Undergraduate students at Rutgers University have access to a degree tracking tool called Degree Navigator. This system gives students the ability to view where they are in their degree journey, in addition to searching and planning for future courses. However, graduate students in the Master of Library and Information Science program do not have access to this tool. So a team and I investigated how graduate students in the masters program tracked their degree progress to understand if an alternative would be more efficient.
As the only researcher on the team, I approached the project by investigating how graduate students in the masters program currently track their degree progress. The team and I proposed recommendations to Rutgers University after the research and testing was complete.
The key methods that enabled the team and I to learn how masters students track their degree process were the following:
Moderated usability tests
We learned that graduate students currently don't have a central tool or system to track their degree progress. They could benefit greatly from a degree tracking tool. When usability testing our prototype, participants completed 100% of our task in less than 10 seconds, aggregating a 100% usability score. This study proved how effective, efficient and useful a degree tracking tool like Degree Navigator could be for graduate students. The team and I presented our findings and recommendations to the Dean of Students in the School of Communication and Information at Rutgers. Shortly after, graduate students were granted access to the existing tracking tool, Degree Navigator.
We approached the project by first defining our goals. The goals for the study were to 1) understand the pain points graduate students face when tracking their degree progress, 2) understand how graduate students currently track their degree progress, and 3) gauge the level of interest for a degree tracking tool.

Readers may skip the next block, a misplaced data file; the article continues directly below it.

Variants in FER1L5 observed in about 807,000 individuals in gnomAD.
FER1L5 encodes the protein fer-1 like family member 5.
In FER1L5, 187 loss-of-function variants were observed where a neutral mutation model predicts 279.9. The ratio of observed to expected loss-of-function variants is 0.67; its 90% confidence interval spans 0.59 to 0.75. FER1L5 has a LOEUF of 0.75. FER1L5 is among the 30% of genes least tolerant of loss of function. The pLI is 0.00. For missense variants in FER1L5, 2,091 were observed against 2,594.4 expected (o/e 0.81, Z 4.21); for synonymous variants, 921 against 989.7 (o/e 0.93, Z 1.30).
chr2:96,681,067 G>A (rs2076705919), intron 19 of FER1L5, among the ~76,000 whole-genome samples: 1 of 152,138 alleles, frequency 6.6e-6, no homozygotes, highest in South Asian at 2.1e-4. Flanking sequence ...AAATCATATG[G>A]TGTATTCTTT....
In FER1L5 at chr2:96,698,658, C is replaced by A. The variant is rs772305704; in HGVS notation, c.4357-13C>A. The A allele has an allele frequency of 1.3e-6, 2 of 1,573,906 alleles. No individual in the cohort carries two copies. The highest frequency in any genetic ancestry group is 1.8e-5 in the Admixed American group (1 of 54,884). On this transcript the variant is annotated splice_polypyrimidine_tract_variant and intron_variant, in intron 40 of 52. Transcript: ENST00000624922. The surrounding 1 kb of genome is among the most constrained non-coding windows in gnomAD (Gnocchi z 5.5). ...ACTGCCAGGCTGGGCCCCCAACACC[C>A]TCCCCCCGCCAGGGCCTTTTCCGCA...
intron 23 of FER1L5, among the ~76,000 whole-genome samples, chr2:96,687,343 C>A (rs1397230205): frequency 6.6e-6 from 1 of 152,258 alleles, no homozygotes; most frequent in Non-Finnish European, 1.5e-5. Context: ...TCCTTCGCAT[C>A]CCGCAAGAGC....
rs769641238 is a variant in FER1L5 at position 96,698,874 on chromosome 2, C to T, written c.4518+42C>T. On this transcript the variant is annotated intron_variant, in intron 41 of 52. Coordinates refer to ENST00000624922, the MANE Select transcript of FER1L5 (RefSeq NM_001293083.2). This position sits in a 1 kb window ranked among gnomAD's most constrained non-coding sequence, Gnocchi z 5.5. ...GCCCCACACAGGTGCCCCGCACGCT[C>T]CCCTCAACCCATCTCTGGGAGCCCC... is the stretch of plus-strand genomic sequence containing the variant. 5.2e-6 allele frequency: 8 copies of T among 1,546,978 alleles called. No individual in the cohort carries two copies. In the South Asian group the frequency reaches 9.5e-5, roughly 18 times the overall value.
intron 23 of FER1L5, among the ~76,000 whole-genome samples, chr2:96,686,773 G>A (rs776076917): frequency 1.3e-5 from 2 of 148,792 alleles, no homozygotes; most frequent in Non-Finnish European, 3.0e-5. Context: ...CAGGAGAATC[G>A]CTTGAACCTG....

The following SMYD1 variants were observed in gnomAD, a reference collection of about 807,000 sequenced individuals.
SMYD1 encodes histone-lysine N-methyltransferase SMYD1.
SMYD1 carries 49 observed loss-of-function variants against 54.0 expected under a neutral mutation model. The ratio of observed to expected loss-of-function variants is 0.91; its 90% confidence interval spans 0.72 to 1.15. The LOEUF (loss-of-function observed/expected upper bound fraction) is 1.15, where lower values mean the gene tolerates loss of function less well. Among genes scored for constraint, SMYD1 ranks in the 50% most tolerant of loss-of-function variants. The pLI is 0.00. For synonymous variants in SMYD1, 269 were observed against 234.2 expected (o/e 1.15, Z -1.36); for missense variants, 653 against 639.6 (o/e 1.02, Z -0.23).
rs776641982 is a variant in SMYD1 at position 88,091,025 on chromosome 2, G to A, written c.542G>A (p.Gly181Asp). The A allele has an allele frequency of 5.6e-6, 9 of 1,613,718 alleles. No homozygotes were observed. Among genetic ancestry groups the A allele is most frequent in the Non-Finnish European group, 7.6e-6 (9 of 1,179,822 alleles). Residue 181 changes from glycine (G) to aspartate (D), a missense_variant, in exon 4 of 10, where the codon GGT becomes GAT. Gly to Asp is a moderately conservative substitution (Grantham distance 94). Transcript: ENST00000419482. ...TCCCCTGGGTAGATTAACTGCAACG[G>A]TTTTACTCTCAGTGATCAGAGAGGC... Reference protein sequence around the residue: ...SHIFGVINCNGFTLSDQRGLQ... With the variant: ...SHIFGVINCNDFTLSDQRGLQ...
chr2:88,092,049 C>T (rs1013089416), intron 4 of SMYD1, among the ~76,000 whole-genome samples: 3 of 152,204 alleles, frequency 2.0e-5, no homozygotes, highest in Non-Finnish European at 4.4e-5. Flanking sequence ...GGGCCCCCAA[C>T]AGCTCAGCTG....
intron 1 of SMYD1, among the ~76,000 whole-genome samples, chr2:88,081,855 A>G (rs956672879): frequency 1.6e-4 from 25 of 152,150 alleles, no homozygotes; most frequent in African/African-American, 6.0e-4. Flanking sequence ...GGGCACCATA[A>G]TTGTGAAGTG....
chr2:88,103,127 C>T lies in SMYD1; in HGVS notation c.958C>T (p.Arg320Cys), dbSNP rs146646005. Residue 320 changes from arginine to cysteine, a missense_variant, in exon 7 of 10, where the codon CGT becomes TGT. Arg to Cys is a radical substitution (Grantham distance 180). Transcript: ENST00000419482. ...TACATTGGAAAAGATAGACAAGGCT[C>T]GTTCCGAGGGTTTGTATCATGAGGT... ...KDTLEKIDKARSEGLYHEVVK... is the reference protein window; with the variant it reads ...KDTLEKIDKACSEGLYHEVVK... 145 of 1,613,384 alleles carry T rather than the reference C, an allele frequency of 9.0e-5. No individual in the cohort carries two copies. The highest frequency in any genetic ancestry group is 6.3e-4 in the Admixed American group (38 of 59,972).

After defining the goals for our study, we created an online survey consisting of 10 questions aligned to our goals while also collecting demographic information. The survey was created with password encryption and protection, and circulated to students in the Masters of Information program.
We analyzed the survey results and found that tracking degree progress was a major pain point for the students. Majority of students were also interested in a degree tracking tool, which confirmed our hypothesis that students would be willing to use such a tool. The survey results indicate that having access to a system for tracking degree progress could positively benefit the students. With our assumptions validated, we discussed how to best design a system that would allow students to achieve their goals. As a team we decided that we didn't need to reinvent the wheel, since a degree tracking tool already exists at the university. Our lead designer created a prototype of the degree tracking tool undergraduates have access to, with a few enhancements.
Original design of Rutgers Degree Navigator
Our Prototype of Rutgers Degree Navigator
We finished our prototype and followed up with five participants who took the survey to recruit for moderated remote usability tests. The study contained six tasks.
1) Find your GPA
2) Find your graduate electives
3) Find your course summary
4) How many more semesters will it take to complete your degree?
5) How many electives do you have left to take to complete the program?
6) Locate your concentration?
We were really pleased with the results of the usability sessions conducted.
100% of user tasks were completed in under 10 seconds.
100% of users found the design useful.
Task 6 took the most amount of time for all users to complete.
Seeing It Happen
The research and data we presented to the university could not be ignored. Rutgers granted access to Degree Navigator for all graduate students less than one month later.